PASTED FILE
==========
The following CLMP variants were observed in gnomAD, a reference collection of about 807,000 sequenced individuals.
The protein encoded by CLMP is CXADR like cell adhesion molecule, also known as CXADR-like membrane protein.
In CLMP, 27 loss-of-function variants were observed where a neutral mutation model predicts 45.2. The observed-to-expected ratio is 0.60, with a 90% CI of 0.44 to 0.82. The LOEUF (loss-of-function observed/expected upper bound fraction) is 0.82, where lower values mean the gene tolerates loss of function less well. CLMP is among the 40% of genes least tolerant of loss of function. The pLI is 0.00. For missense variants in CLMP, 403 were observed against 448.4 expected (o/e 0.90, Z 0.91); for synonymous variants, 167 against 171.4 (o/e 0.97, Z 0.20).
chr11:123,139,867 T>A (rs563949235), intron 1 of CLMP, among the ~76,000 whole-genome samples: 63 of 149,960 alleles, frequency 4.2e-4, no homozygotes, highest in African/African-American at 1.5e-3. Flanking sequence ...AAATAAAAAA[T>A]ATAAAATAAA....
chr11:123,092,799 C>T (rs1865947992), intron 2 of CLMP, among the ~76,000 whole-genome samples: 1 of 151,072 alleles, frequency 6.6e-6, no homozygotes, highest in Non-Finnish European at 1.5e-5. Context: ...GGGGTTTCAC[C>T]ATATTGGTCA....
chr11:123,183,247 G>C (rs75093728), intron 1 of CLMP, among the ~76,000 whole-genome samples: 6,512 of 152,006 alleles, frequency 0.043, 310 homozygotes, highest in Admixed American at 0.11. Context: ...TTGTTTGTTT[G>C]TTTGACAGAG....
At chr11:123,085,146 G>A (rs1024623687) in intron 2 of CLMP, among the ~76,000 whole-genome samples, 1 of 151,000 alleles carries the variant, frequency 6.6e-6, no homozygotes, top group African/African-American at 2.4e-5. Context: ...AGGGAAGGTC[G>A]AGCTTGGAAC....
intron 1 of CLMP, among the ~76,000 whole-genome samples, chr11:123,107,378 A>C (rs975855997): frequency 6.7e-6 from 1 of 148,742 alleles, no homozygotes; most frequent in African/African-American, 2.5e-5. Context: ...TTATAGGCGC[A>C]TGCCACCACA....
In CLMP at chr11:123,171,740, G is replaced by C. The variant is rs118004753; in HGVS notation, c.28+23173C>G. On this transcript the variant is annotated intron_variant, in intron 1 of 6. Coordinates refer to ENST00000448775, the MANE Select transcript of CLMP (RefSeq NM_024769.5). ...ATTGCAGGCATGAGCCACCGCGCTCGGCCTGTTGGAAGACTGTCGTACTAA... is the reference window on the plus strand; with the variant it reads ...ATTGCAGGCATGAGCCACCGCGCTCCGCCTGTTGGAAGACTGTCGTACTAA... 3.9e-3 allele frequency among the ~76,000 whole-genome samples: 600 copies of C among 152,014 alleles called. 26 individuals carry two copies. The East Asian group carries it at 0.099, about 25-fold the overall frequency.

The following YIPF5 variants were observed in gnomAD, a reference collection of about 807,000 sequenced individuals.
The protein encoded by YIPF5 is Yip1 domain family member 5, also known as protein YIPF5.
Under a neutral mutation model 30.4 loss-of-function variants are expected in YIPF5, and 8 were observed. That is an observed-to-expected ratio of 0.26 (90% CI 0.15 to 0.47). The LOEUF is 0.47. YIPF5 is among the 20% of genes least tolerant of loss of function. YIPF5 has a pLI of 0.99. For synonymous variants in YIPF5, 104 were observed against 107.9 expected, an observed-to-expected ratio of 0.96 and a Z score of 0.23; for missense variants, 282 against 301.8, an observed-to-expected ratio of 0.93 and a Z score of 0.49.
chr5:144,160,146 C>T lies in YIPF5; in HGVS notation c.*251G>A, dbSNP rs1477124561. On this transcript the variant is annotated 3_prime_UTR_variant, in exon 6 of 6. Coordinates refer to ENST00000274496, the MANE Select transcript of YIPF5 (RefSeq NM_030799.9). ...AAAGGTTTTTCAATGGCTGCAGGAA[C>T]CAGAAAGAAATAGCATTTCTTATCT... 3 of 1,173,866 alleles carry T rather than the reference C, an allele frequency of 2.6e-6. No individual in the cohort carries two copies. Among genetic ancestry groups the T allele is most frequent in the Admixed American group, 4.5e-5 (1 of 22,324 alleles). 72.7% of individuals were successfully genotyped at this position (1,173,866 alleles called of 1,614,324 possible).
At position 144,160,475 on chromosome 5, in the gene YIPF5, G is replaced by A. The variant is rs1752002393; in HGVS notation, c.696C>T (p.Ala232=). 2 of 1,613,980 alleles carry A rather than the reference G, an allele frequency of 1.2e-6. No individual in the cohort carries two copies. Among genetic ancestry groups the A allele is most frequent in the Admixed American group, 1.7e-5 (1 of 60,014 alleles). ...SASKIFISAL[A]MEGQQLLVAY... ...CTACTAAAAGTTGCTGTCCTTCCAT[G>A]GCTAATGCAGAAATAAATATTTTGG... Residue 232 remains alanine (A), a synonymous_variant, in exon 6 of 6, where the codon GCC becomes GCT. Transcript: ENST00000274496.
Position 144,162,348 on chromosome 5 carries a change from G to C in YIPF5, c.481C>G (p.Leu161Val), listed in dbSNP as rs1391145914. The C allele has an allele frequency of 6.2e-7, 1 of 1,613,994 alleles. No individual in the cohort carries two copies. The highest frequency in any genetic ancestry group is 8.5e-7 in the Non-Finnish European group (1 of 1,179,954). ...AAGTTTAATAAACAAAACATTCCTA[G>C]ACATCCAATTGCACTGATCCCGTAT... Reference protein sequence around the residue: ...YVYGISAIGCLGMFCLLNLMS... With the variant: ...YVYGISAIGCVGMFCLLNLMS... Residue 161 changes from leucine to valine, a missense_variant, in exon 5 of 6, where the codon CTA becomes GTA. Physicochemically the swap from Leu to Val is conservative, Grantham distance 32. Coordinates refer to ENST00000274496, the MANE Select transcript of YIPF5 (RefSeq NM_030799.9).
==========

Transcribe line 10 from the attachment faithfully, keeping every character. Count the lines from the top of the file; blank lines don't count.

The following YIPF5 variants were observed in gnomAD, a reference collection of about 807,000 sequenced individuals.